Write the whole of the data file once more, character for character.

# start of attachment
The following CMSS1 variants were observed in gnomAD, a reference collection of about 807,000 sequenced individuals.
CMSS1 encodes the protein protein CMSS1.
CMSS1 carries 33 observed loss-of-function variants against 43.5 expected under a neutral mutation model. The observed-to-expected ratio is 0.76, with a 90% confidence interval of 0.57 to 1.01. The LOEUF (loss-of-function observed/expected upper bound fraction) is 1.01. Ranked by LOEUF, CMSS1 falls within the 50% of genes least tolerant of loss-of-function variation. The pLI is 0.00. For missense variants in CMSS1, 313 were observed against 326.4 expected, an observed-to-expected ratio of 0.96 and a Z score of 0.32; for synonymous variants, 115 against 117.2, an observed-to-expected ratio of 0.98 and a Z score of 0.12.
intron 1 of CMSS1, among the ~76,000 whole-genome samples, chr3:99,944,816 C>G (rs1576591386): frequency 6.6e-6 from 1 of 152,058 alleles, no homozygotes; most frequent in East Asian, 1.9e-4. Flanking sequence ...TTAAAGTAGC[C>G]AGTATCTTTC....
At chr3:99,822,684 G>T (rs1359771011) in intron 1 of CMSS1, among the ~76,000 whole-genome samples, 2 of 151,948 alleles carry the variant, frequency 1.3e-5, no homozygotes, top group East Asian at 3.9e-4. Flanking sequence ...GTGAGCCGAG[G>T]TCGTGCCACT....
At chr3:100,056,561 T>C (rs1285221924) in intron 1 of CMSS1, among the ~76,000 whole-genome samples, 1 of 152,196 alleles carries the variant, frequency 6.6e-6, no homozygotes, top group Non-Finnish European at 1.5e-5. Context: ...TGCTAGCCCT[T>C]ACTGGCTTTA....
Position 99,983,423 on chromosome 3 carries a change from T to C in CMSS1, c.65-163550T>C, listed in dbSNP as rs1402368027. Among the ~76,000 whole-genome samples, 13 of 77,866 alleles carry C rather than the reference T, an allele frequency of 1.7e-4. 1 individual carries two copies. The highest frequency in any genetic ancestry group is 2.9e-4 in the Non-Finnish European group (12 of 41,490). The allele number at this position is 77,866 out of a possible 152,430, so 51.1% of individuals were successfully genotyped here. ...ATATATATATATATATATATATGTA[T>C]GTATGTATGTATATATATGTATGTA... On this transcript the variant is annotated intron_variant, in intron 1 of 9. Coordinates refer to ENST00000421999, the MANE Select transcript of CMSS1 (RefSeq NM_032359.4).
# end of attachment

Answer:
The following CMSS1 variants were observed in gnomAD, a reference collection of about 807,000 sequenced individuals.
CMSS1 encodes the protein protein CMSS1.
CMSS1 carries 33 observed loss-of-function variants against 43.5 expected under a neutral mutation model. The observed-to-expected ratio is 0.76, with a 90% confidence interval of 0.57 to 1.01. The LOEUF (loss-of-function observed/expected upper bound fraction) is 1.01. Ranked by LOEUF, CMSS1 falls within the 50% of genes least tolerant of loss-of-function variation. The pLI is 0.00. For missense variants in CMSS1, 313 were observed against 326.4 expected, an observed-to-expected ratio of 0.96 and a Z score of 0.32; for synonymous variants, 115 against 117.2, an observed-to-expected ratio of 0.98 and a Z score of 0.12.
intron 1 of CMSS1, among the ~76,000 whole-genome samples, chr3:99,944,816 C>G (rs1576591386): frequency 6.6e-6 from 1 of 152,058 alleles, no homozygotes; most frequent in East Asian, 1.9e-4. Flanking sequence ...TTAAAGTAGC[C>G]AGTATCTTTC....
At chr3:99,822,684 G>T (rs1359771011) in intron 1 of CMSS1, among the ~76,000 whole-genome samples, 2 of 151,948 alleles carry the variant, frequency 1.3e-5, no homozygotes, top group East Asian at 3.9e-4. Flanking sequence ...GTGAGCCGAG[G>T]TCGTGCCACT....
At chr3:100,056,561 T>C (rs1285221924) in intron 1 of CMSS1, among the ~76,000 whole-genome samples, 1 of 152,196 alleles carries the variant, frequency 6.6e-6, no homozygotes, top group Non-Finnish European at 1.5e-5. Context: ...TGCTAGCCCT[T>C]ACTGGCTTTA....
Position 99,983,423 on chromosome 3 carries a change from T to C in CMSS1, c.65-163550T>C, listed in dbSNP as rs1402368027. Among the ~76,000 whole-genome samples, 13 of 77,866 alleles carry C rather than the reference T, an allele frequency of 1.7e-4. 1 individual carries two copies. The highest frequency in any genetic ancestry group is 2.9e-4 in the Non-Finnish European group (12 of 41,490). The allele number at this position is 77,866 out of a possible 152,430, so 51.1% of individuals were successfully genotyped here. ...ATATATATATATATATATATATGTA[T>C]GTATGTATGTATATATATGTATGTA... On this transcript the variant is annotated intron_variant, in intron 1 of 9. Coordinates refer to ENST00000421999, the MANE Select transcript of CMSS1 (RefSeq NM_032359.4).